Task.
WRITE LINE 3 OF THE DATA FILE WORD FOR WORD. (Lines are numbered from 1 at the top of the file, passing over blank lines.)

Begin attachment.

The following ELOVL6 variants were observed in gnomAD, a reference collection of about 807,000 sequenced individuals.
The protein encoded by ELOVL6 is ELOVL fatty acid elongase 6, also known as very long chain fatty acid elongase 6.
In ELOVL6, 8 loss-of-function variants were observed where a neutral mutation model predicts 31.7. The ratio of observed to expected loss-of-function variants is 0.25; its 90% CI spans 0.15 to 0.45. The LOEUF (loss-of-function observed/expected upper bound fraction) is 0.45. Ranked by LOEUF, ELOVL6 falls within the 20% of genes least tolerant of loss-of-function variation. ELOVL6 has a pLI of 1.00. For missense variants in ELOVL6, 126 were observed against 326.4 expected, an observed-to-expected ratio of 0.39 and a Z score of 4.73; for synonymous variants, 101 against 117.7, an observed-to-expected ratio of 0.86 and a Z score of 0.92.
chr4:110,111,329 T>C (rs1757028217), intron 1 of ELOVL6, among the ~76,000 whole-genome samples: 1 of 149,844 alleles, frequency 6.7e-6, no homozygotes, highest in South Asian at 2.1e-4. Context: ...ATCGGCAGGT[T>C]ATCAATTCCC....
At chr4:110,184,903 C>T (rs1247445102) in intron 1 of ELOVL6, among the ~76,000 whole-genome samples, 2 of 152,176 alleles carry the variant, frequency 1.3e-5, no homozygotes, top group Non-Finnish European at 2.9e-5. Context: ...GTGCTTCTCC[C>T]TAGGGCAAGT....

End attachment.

In ELOVL6, 8 loss-of-function variants were observed where a neutral mutation model predicts 31.7. The ratio of observed to expected loss-of-function variants is 0.25; its 90% CI spans 0.15 to 0.45. The LOEUF (loss-of-function observed/expected upper bound fraction) is 0.45. Ranked by LOEUF, ELOVL6 falls within the 20% of genes least tolerant of loss-of-function variation. ELOVL6 has a pLI of 1.00. For missense variants in ELOVL6, 126 were observed against 326.4 expected, an observed-to-expected ratio of 0.39 and a Z score of 4.73; for synonymous variants, 101 against 117.7, an observed-to-expected ratio of 0.86 and a Z score of 0.92.